Proper watering is the single most important step in the establishment of your sodded lawn. It is necessary to begin watering your new lawn immediately after installation. In extremely hot weather, it is helpful to work a section out, get the water on it, and then continue laying. The first week is critical in applying enough water to saturate the top 4 – 6 inches of soil. This requires approximately ½ inch of water per day.
This total amount should be applied over 2 – 3 watering periods each day. For the second week, begin watering ¼ inch per day. After those first 2 weeks, you may resume a normal watering schedule.
Edges, sod ends, and borders will be the first places to dry out and turn a gray color. Since the demand for water is greater in these spots, it may be helpful to apply water to them directly from a hose until established.
It is important to keep in mind that an efficient water program is the key to a beautiful, healthy lawn in Colorado’s dry climate.
March/April through May: Water 3 times a week for 15-20 minutes.
Starting in June, you may need to increase to 4 times a week. Watering schedules are influenced by weather and you will have to adjust accordingly.
Our turf is grown and properly maintained before arriving to you. Fertilization has been an important part of this process. Grass is a living growing plant and needs to be fed. Once the sod has been established, we recommend fertilizing 3 times a year with a balanced fertilizer (24-6-12-6.5Fe).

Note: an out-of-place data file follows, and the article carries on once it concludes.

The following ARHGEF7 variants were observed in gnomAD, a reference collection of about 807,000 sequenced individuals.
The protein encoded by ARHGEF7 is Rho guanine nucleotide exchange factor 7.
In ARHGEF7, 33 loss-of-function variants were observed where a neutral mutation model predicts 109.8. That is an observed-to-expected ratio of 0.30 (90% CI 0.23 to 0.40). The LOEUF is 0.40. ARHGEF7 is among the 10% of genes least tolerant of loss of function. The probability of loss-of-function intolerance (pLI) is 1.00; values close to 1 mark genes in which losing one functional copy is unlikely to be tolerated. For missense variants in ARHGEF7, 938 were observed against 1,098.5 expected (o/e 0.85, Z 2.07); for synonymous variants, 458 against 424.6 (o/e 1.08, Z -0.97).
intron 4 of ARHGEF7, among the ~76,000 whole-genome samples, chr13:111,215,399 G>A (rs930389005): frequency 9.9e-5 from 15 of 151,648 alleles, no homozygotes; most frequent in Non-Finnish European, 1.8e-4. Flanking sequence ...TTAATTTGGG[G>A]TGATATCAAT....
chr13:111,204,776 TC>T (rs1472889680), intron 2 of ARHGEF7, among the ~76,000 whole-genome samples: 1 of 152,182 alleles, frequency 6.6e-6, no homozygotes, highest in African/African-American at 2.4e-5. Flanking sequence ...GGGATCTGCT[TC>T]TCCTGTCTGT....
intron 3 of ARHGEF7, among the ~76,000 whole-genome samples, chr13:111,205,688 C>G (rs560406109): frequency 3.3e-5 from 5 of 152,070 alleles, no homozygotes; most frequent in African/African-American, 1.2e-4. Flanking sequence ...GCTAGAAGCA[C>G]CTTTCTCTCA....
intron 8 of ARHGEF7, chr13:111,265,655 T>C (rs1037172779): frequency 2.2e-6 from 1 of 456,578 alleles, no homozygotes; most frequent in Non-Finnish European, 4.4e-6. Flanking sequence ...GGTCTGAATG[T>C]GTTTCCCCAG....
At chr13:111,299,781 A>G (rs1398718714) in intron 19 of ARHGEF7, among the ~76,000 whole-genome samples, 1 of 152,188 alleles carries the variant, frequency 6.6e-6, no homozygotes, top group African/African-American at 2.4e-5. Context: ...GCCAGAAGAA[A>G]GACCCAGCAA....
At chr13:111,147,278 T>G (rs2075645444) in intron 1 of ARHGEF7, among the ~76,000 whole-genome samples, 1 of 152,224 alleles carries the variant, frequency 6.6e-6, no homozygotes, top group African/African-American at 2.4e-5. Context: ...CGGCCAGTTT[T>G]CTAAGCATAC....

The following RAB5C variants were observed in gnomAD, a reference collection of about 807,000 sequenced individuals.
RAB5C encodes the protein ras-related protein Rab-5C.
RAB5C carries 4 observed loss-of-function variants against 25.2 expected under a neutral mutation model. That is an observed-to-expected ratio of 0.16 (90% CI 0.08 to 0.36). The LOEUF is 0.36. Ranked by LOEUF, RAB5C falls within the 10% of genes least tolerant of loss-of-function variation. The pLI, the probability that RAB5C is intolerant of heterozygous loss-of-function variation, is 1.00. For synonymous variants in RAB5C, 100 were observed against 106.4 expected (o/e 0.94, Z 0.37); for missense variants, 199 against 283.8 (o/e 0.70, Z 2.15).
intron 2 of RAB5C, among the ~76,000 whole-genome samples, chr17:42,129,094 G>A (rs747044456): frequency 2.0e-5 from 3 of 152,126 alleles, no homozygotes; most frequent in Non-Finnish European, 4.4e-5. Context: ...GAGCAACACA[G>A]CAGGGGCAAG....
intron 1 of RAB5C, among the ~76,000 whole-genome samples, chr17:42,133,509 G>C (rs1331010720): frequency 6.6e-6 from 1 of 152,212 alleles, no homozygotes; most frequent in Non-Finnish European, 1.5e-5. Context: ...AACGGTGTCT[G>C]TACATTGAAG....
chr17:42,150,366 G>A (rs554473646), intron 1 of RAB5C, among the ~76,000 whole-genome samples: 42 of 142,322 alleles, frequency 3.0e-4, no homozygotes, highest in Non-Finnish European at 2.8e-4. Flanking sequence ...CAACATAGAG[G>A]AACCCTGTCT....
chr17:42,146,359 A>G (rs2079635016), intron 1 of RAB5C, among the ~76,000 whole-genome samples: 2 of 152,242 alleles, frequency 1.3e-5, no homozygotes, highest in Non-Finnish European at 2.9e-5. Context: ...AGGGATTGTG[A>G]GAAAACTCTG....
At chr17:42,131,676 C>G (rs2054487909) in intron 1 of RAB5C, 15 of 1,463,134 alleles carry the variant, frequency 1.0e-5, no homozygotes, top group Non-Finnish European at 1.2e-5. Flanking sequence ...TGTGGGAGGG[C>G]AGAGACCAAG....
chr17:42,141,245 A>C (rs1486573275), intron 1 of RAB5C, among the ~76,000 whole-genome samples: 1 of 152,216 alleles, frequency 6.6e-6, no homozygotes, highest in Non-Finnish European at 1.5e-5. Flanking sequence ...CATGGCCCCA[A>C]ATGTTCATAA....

Suggested dates for this are April 1st, June 15th, September 1st. If you choose to fertilize only once, feed in the fall; if twice, then in spring and fall. If you desire a green lawn from spring through the fall, then fertilize four times per year, early spring, late spring, late summer and mid-fall.
You can begin mowing your lawn anywhere from two to three weeks after installation. Always make sure your mower blades are sharp. Your sod was trimmed prior to delivery so that by the time it needs to be mowed it should be safe to do so. Don’t remove more than a third of the height of the blades at one time. Removal of more may result in shock, unsightly appearance, or may make your lawn more susceptible to disease. Height maintenance should be 2 to 3 inches.
In the Rocky Mountain region, most lawns are comprised of cool season grasses (Kentucky Bluegrasses and Fescues). It is best to aerate in the spring, and early September or both to help reduce thatch and soil compaction.